How To Disc Golf Forehand

When it comes to disc golf, we all want our throws to go the distance. And while backhand throws remain a favorite at delivering great distance throws, the forehand throw is not to be ignored. 

What’s that you say? What is a disc golf forehand? How do I throw a disc golf forehand? It’s okay; I was only recently introduced to the throw too!

But since then, man, has my disc golf game been elevated! The throw has allowed me to throw further, and with a bit of practice, I can achieve the throw with ease. 

But I can’t keep this information to myself; what kind of disc golfer would I be if I did that?

So today, I am going to tell you how to disc golf forehand and include some handy tips that are sure to elevate your game! What are you waiting for? Keep reading to find out all about it. 

What is disc golf forehand?

Let’s first examine what a disc golf forehand is for the beginners in the room or those that need a gentle reminder.

The disc golf forehand is a move in the disc golf sport where a player throws their disc using a sidearm throwing motion, which looks similar to how a sidearm baseball pitcher would throw a ball. 

The forehand throw can often achieve greater distance than a backhand throw, too, despite not being as popular with players. The disc used will determine the throw, with some being better for forehand or backhand throwing than others.

It’s best to check that you have the suitable disc for your intended throw to ensure that you achieve the best results possible. 

Now that we have covered what a disc golf forehand is let’s find out how we throw these beauties! 

How to disc golf forehand

When it comes to throwing forehand, we can break it down into the grip, stance, swing, release, and follow through to create the perfect forehand throw in disc golf. Let’s walk through these steps so that you, too, can throw forehand!


Let’s start with the grip. You want your middle finger straight and flat against the inside rim. The outside rim of the disc should contact the web between the thumb and index finger.

Take some time to ensure the grip is comfortable and correct before attempting to throw the disc. 

Ideally, you want a firm grip. It can feel a little uncomfortable, especially for beginners, but stick with it; you will get used to it! You might notice a slight bend at the top of the disc from the pressure of your thumb, which is fine.

If you are an advanced thrower, you can place the index and middle finger together. The middle finger will extend straight out in line with the palm of your hand and offer more spin, thanks to the more wind it will gather!

Placing the fingers together can mean less control, so for beginners, I’d advise keeping them separate until you have more control of the disc. 


Your stance is also critical when it comes to throwing forehand. You want the balls of your feet to be shoulder-width apart.

Stand side-on, and you can throw with your elbows close to the hip. This is the easiest way to throw, although you can adjust the stance after practice if you wish.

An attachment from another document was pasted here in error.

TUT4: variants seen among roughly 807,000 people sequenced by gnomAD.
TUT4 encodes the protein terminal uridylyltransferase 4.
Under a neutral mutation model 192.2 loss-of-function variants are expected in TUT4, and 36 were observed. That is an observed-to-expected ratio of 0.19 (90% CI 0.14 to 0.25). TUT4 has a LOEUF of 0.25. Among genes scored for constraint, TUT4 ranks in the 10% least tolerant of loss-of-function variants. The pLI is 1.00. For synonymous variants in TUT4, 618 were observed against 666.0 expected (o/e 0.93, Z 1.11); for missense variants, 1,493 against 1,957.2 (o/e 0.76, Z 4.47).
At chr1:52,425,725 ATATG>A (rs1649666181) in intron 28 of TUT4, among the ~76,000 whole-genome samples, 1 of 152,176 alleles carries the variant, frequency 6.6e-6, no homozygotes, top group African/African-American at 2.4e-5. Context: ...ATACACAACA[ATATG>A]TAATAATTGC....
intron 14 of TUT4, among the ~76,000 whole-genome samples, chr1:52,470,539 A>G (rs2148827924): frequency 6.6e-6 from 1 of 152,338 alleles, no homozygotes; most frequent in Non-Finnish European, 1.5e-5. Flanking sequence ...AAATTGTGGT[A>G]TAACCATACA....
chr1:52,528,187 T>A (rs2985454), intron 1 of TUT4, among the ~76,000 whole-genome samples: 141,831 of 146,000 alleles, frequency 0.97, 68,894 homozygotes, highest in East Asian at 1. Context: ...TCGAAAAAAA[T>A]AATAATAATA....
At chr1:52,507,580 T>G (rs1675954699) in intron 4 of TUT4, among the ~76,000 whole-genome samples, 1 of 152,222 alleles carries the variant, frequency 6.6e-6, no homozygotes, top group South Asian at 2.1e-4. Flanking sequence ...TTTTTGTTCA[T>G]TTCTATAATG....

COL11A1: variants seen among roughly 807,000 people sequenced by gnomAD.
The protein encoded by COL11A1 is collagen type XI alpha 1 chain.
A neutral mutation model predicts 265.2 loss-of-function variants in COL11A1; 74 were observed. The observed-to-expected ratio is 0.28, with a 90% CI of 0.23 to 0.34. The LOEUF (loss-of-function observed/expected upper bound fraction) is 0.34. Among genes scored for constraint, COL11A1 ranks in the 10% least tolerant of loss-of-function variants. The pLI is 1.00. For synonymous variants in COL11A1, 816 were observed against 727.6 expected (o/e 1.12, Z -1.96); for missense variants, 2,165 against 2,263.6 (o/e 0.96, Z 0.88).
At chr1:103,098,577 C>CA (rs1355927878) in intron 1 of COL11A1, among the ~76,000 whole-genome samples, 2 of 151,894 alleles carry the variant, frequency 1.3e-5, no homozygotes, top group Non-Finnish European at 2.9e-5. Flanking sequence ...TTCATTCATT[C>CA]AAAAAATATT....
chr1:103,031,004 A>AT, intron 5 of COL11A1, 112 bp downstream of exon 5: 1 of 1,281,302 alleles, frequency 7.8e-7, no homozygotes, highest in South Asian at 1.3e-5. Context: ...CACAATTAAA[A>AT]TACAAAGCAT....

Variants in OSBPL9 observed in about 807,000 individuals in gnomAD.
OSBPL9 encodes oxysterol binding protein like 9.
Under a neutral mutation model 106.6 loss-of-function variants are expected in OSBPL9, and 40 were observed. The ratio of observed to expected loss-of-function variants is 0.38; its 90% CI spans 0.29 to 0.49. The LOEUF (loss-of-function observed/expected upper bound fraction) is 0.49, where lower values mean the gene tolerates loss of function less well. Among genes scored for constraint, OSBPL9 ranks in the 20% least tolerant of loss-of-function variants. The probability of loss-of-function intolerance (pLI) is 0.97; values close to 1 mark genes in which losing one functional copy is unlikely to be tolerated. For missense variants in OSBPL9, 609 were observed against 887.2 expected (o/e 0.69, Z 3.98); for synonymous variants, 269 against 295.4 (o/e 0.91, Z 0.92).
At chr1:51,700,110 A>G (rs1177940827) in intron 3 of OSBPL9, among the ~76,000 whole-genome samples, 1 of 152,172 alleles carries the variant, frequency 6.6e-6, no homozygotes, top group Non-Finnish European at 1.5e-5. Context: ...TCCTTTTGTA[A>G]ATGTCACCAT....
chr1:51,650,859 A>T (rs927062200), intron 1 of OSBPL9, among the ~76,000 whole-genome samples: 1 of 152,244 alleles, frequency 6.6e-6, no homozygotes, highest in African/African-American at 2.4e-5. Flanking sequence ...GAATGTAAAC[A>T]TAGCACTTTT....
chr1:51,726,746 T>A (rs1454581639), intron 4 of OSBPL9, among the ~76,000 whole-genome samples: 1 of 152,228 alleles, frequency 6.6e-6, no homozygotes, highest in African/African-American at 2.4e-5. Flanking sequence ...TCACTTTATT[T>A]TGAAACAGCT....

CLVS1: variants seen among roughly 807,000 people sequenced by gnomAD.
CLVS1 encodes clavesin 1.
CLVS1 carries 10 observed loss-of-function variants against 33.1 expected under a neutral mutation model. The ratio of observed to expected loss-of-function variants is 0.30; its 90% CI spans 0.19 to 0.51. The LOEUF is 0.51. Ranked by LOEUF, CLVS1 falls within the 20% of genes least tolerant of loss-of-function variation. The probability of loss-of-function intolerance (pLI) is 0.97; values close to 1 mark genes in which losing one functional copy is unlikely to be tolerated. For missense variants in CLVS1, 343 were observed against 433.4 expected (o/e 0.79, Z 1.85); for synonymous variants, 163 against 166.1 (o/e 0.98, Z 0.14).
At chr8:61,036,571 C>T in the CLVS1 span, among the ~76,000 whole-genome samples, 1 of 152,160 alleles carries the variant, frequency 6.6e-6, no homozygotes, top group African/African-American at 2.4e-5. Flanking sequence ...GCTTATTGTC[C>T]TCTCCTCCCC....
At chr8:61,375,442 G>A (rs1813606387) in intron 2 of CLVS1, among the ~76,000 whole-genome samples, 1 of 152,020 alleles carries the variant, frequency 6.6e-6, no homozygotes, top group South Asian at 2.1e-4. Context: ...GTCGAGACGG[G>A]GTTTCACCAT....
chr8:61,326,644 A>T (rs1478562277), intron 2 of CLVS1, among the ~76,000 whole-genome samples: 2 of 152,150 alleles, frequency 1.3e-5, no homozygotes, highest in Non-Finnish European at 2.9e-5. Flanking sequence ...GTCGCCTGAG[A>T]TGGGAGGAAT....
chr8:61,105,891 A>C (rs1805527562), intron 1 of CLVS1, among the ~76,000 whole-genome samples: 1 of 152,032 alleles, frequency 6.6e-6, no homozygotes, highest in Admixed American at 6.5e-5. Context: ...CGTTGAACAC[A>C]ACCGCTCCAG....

Have the disc cocked, ready to spin before throwing. You can start to wind the disc as far back as it can go, or you can use a small whip of the fingers just before the throw to spin the disc.


On to the swing now, where the main focus here is keeping the outer tip of the disc down. You want the motion of the disc in your hand to be like a whiplash, not an arc-like swing that we see in other throws.

As you increase the speed, motion towards the target will start at your shoulder, working its way down to your elbows, wrist, and eventually your fingers. 

If you are struggling with the spin, consider a motion similar to flicking a towel and practice that motion. Pay attention to your wrist when doing so, and you should notice an improvement in your results! 

Here you can step forward with your non-pivot foot if you need better balance or angle. Remember that your pivot foot should be on the opposite side of your throwing hand. 

The time of your release is vital here, just like it is with those arc-like swings. As we are using a whiplash notion compared to a swing, you should move the center of the disc to the target in a straight line rather than an arc.

The direction of the horizontal plane should be easier to master this way, and you can get some more length on your throw too! 


Now it’s time to release that disc! By now, the flight plate of the disc should be spinning within one plane. Unless you are after an air bounce, you want the direction the disc is launched to be within this plane. 

The moment of release is where these steps come together, so be sure to check your positioning and swing before releasing the disc.

These final motions as you release the disc are impacted by wind and gravity, so it can be hard for beginners to ascertain what went wrong if there were any complications. 

Once you are ready, release the disc with force as you usually would, following the steps to see your forehand throw come to life!


Once the disc has been thrown, it’s out of your hands! We cannot control certain things, such as wind and gravity, and these will all play into the follow-through. 

Be sure to practice the throw before attempting it and pay close attention to your technique, as you can improve the follow-through usually with good technique!

Final Word 

And there you have it, that is how to disc golf forehand! The steps can be a little confusing at first, so take your time and practice them before attempting the throw at any games or tournaments.

Remember your technique and check out any online tutorials if you are still struggling; visual aids are incredibly handy!